Solicitor General Tushar Mehta appearing for the Union also submitted before the court and said "In Article 324 there is a function and that has to be exercised by the President unless Parliament gives it to some other authority according to 53(3)(b). There is a system of separation of powers. Now one cannot get into one another's powers."
On the question of inclusion of CJI in the appointing process, Mr. Mehta submitted, "There is an impression which has been made out that some outsider's presence has to be in the appointing body who is not a part of the executive. That will mean rewriting the Constitution. That will mean conferring someone else with power because the executive cannot dispense a function which has been conferred upon it. That is against the very concept of democracy."
At this point, Justice Joseph intervened and said, "CJI is involved in the appointment of CBI director. Where is the threat to democracy there? Our courts have given judgments and that has been accepted by the Executive."
Mr. Mehta further pointed out, "As a constitutional proposition, the executive independence and the judiciary's independence are equally sacrosanct. The doctrine of separation of powers stems from Article 14 - all three organs are equal in the eyes of the Constitution. In a presupposition that only with the presence of the judiciary, independence and fairness will be achieved, that is an incorrect reading of the constitution. Mere presence of someone from judiciary will ensure transparency is wrong reading and fallacious. If there is need of law then your lordships can suggest to the Parliament. Court cannot issue mandamus. Court can't do something that the Parliament is supposed to. In the absence of a law, the court can't say this is the law and so therefore you follow it until there is law"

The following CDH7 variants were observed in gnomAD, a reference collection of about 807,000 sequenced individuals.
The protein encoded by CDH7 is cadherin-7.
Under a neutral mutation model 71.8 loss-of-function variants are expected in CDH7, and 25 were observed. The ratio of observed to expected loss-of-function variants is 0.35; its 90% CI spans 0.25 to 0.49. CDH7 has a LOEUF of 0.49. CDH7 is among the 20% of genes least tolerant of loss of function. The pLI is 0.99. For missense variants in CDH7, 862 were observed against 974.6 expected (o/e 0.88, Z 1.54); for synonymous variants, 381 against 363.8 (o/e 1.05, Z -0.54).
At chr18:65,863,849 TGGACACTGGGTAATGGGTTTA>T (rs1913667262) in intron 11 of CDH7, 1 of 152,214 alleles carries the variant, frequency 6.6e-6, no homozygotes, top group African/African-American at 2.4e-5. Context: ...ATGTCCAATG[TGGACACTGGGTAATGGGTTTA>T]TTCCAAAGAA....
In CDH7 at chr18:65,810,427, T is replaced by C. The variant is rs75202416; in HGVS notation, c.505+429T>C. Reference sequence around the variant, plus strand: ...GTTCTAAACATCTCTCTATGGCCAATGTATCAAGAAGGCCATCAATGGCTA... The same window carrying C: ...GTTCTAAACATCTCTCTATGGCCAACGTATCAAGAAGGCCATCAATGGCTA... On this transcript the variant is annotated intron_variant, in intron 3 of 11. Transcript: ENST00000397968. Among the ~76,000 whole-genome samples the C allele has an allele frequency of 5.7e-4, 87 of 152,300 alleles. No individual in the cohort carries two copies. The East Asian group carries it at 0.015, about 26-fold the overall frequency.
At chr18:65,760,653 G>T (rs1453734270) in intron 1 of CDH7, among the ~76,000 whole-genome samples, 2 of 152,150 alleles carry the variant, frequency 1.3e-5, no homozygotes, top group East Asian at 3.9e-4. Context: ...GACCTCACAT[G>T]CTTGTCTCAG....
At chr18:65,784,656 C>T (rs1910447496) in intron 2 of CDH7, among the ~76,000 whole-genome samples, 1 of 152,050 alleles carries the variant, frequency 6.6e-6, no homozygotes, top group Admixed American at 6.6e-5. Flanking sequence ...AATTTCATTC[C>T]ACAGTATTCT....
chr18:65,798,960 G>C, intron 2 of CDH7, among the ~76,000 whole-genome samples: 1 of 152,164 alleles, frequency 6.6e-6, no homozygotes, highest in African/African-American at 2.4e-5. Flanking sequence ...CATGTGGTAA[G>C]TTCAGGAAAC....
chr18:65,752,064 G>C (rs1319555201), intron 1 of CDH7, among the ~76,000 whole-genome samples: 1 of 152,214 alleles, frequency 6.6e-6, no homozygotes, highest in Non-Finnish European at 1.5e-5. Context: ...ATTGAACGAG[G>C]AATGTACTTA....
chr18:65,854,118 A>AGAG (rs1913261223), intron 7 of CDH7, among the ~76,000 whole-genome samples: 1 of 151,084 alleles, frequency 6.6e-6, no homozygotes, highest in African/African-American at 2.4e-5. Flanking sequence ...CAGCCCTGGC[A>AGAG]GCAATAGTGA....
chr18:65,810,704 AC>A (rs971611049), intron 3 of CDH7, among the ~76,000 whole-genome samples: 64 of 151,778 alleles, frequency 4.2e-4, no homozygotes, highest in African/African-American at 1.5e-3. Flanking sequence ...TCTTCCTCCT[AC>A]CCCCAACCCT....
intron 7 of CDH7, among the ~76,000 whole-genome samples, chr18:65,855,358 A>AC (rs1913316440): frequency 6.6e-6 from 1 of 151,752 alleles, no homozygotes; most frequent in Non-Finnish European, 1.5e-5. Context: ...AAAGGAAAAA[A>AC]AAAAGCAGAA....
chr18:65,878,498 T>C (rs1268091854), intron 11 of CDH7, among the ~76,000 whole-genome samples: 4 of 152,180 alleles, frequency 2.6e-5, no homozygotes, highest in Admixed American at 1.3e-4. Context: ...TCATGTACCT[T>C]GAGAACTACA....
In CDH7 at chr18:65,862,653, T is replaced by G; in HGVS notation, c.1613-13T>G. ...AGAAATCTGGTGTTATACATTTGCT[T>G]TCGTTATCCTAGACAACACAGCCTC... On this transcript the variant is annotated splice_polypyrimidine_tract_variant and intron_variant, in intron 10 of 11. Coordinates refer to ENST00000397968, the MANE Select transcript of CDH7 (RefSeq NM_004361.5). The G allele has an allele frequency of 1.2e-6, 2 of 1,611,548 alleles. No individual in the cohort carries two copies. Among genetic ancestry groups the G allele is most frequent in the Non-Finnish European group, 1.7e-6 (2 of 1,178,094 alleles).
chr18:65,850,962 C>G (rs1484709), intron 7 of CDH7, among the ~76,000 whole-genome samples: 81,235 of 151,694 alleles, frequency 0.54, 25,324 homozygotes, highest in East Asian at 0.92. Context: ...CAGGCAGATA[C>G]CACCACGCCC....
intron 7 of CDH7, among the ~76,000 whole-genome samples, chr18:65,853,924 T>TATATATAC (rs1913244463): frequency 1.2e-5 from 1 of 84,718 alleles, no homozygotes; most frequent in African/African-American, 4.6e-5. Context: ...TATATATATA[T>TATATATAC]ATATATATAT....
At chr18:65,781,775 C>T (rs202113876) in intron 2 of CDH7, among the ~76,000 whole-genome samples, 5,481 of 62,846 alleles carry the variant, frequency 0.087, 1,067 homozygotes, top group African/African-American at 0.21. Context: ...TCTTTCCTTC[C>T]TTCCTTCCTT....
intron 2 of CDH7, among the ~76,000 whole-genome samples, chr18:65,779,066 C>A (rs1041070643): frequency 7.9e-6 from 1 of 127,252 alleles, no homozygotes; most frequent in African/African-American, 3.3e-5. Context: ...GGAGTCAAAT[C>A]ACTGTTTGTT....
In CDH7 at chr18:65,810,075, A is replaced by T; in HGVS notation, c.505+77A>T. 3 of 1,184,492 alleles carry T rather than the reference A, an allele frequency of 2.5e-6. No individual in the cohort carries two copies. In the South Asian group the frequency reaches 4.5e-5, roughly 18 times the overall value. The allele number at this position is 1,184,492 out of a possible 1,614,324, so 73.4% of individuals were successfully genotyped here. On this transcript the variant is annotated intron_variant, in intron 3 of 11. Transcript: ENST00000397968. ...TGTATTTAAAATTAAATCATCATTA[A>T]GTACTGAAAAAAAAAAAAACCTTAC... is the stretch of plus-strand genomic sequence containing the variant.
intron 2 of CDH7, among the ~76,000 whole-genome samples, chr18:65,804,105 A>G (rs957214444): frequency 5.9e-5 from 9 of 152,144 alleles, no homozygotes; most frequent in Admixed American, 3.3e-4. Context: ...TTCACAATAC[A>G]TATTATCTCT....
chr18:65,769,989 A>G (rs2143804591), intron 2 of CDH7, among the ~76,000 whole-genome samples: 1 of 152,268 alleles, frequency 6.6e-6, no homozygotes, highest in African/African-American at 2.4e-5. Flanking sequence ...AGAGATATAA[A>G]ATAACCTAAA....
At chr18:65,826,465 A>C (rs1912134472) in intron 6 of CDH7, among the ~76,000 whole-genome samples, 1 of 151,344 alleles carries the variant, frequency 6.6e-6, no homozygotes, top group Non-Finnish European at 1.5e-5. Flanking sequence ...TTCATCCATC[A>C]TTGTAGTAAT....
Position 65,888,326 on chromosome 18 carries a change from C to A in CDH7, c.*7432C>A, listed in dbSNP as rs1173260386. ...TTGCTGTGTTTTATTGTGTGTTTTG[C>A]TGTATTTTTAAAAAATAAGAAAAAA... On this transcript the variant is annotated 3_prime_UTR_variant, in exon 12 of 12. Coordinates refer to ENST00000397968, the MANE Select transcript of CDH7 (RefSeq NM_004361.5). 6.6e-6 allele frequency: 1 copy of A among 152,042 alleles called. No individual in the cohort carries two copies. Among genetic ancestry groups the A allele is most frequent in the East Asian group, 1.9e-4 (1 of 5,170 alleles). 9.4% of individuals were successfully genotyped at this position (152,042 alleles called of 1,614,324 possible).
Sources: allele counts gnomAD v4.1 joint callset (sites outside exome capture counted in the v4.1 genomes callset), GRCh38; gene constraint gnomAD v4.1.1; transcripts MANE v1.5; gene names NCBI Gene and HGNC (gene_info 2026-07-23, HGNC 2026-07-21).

Responding to the submissions of the Government, Advocate Prashant Bhushan responded by saying that there were several trigger points of partiality practiced by the Election Commission that have been documented from time to time. He also mentioned that the biggest trigger was that there was no law dealing with the subject when the COnstitution itself envisions a law under 324(2). He said, "there are reports that show atleast 50 occasions when the independence has not been there. The reason why they don't behave independently is because they are appointed by these people. Now to presume that these recommendations are in the air is flawed."
Mr. Bhushan remarked, "It is good to keep our minds open but not so open that our brains fall out."
Senior AdvocateGopal Sankaranarayan representing the Petitioners will present his submissions tomorrow.
On the aspect of inclusion of CJI in the selection process, Justice Joseph remarked, "We need to understand from you what will his role be? Can we eclipse the role of Council of Ministers. We cannot send the CJI in a situation that his recommendation dies when sent to the Council of Ministers." Justice Joseph pointed out that as per Article 324, it is the President who appoints the ECs. It means, the President acting on the advise of the Council of Ministers. So, it can lead to a situation where the Council of Ministers sitting in judgment over a recommendation made by the CJI.
The matter was referred to the Constitutional Bench after a Division Bench of the Apex Court was of the view that 'a close look and interpretation of the provisions of Article 324 of the Constitution of India', which states superintendence, direction and control of elections to be vested in the Election Commission, may be required.
The matter will now be heard tomorrow i.e. 23rd November when the Attorney General is expected to conclude his submissions.